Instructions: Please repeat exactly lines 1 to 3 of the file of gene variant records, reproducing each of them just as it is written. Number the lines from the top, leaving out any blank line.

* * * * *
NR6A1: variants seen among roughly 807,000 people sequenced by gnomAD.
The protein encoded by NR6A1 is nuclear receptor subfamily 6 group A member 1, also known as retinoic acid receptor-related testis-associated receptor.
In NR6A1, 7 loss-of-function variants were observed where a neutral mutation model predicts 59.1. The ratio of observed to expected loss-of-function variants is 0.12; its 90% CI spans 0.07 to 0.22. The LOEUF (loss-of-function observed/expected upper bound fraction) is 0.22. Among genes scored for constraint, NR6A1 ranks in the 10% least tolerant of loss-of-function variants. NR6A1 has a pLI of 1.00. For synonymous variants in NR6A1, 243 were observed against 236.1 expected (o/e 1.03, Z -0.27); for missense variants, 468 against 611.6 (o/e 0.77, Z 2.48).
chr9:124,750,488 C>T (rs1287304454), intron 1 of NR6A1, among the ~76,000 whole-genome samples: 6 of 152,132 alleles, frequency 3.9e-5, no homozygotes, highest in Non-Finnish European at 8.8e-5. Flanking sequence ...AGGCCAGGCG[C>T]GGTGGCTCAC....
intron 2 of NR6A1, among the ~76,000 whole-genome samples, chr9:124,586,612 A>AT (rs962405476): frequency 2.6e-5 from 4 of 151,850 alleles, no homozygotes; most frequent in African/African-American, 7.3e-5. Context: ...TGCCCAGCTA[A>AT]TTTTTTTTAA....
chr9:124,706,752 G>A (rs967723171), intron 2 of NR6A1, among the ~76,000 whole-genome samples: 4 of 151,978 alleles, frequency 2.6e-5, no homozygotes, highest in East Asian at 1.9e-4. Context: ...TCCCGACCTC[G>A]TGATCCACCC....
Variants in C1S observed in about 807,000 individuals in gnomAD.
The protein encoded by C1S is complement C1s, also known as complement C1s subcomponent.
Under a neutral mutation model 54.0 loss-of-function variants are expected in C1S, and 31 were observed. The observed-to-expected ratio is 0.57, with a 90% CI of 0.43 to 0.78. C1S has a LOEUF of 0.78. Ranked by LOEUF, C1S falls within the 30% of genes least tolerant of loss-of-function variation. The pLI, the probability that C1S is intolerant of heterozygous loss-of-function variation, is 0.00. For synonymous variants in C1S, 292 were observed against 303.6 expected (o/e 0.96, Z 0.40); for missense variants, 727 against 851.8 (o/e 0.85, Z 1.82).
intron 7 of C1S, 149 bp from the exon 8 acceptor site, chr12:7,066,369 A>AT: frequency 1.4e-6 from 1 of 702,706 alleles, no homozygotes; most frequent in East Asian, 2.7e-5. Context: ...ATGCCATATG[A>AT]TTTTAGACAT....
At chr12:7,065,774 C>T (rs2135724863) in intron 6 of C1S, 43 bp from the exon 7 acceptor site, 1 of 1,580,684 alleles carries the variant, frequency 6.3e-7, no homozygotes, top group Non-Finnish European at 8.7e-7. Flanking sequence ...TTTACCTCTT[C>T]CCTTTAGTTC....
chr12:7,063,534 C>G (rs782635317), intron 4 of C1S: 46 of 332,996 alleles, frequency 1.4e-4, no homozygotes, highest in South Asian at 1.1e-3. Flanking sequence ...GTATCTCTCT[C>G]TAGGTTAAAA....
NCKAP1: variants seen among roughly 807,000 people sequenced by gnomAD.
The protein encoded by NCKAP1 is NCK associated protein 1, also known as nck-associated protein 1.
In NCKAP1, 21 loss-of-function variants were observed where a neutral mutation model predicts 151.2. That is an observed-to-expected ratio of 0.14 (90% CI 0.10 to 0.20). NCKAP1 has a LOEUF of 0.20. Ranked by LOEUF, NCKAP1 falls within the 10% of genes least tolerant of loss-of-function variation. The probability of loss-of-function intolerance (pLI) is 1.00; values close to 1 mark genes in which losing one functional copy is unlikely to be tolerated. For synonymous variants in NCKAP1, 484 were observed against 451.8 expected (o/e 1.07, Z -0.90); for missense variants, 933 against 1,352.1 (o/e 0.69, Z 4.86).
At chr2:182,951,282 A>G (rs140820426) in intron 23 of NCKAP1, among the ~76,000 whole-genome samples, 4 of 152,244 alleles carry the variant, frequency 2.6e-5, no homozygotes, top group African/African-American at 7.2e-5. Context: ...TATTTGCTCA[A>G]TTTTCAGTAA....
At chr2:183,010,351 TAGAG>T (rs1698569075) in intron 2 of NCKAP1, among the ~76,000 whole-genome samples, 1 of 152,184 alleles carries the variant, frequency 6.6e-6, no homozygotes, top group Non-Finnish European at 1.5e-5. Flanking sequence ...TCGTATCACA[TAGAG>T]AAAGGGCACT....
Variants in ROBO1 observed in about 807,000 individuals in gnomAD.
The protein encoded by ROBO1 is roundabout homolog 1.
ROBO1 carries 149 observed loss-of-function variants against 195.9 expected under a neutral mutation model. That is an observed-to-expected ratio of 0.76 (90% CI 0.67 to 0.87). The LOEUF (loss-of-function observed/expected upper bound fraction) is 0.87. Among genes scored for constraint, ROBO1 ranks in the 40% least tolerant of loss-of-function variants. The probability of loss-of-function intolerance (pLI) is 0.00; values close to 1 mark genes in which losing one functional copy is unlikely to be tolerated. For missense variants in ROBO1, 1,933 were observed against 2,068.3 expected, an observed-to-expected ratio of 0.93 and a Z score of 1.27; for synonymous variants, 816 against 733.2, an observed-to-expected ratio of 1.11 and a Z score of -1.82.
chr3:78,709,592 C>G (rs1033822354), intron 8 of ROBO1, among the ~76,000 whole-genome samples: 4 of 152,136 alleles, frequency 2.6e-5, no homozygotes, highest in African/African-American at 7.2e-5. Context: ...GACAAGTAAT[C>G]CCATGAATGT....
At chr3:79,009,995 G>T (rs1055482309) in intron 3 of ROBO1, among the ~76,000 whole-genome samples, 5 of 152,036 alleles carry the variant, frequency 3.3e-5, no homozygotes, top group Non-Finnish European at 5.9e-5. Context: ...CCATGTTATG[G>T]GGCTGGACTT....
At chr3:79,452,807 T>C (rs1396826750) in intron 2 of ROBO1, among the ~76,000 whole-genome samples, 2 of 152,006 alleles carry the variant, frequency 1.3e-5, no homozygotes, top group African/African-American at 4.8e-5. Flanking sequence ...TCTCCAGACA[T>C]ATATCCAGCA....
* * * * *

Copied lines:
NR6A1: variants seen among roughly 807,000 people sequenced by gnomAD.
The protein encoded by NR6A1 is nuclear receptor subfamily 6 group A member 1, also known as retinoic acid receptor-related testis-associated receptor.
In NR6A1, 7 loss-of-function variants were observed where a neutral mutation model predicts 59.1. The ratio of observed to expected loss-of-function variants is 0.12; its 90% CI spans 0.07 to 0.22. The LOEUF (loss-of-function observed/expected upper bound fraction) is 0.22. Among genes scored for constraint, NR6A1 ranks in the 10% least tolerant of loss-of-function variants. NR6A1 has a pLI of 1.00. For synonymous variants in NR6A1, 243 were observed against 236.1 expected (o/e 1.03, Z -0.27); for missense variants, 468 against 611.6 (o/e 0.77, Z 2.48).